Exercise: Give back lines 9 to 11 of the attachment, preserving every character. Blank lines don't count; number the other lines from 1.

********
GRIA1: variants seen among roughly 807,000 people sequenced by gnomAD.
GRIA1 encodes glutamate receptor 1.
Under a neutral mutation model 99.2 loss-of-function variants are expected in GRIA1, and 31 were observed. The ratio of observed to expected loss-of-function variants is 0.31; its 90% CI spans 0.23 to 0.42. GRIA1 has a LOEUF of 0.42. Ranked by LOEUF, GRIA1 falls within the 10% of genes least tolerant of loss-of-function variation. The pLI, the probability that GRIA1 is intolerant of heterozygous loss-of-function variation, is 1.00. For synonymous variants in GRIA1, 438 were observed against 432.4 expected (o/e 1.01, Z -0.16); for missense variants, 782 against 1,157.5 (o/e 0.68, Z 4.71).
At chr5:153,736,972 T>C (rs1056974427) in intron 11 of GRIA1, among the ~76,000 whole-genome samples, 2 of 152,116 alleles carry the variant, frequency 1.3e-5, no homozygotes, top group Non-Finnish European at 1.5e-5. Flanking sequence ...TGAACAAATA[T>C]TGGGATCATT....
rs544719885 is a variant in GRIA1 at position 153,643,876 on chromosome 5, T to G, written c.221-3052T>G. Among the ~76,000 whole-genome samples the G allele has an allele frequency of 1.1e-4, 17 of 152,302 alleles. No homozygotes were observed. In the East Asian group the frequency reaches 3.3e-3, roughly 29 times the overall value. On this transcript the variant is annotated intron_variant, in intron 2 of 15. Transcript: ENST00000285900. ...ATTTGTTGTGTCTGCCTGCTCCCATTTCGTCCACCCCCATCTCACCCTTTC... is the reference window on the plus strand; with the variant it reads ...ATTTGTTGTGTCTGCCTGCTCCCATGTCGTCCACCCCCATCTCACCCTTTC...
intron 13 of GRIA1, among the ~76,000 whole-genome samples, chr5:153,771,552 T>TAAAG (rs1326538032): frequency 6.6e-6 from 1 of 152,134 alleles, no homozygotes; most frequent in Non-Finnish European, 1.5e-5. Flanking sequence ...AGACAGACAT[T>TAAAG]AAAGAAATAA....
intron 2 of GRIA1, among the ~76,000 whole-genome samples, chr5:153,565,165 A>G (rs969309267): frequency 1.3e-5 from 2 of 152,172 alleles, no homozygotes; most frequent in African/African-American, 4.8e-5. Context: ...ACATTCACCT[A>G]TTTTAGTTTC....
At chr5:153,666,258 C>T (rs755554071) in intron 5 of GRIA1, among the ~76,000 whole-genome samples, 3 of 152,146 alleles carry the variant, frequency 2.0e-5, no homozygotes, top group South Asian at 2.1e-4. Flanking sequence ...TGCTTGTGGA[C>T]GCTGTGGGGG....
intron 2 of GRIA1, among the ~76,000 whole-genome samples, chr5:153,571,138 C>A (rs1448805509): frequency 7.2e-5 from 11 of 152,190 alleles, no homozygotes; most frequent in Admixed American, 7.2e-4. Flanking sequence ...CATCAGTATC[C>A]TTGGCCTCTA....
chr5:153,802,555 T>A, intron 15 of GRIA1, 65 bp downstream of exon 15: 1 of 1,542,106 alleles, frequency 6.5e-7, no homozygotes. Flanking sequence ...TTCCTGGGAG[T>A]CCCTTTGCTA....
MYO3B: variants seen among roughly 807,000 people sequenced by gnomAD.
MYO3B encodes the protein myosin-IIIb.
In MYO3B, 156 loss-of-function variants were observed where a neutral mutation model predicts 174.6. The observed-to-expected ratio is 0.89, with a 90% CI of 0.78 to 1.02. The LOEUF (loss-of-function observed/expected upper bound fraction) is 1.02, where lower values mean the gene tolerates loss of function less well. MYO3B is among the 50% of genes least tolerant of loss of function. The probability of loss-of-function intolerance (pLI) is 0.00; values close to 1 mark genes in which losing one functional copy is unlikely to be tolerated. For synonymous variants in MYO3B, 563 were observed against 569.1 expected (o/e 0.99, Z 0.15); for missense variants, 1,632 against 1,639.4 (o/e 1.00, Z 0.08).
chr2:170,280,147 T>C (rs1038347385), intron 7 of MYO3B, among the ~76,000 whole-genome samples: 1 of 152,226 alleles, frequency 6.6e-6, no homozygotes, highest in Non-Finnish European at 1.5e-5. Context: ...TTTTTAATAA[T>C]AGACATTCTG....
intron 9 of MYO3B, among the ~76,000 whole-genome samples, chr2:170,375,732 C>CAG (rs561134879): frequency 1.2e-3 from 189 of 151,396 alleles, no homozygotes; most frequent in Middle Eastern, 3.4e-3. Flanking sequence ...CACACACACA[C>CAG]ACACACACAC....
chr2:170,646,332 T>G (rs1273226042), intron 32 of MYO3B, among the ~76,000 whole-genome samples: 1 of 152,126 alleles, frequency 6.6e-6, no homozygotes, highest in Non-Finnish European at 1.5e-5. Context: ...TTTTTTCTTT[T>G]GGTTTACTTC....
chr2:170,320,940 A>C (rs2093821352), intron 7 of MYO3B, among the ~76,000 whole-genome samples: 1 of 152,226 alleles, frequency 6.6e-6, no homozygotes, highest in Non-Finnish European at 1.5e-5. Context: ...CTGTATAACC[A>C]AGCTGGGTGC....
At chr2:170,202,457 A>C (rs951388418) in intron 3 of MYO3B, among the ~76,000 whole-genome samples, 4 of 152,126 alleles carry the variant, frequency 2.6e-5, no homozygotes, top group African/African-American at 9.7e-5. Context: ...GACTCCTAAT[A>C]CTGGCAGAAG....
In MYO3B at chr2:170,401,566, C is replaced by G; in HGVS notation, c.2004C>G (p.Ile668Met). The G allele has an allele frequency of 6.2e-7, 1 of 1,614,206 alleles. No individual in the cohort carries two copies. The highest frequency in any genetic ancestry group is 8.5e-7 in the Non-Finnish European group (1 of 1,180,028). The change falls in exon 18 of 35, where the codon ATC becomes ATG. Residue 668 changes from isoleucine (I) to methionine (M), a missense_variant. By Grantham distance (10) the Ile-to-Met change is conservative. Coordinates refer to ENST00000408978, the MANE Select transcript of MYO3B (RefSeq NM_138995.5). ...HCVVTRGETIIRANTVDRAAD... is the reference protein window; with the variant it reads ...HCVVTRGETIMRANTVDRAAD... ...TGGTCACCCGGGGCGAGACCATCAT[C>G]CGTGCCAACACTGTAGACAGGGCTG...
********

intron 2 of GRIA1, among the ~76,000 whole-genome samples, chr5:153,571,138 C>A (rs1448805509): frequency 7.2e-5 from 11 of 152,190 alleles, no homozygotes; most frequent in Admixed American, 7.2e-4. Flanking sequence ...CATCAGTATC[C>A]TTGGCCTCTA....
chr5:153,802,555 T>A, intron 15 of GRIA1, 65 bp downstream of exon 15: 1 of 1,542,106 alleles, frequency 6.5e-7, no homozygotes. Flanking sequence ...TTCCTGGGAG[T>A]CCCTTTGCTA....
MYO3B: variants seen among roughly 807,000 people sequenced by gnomAD.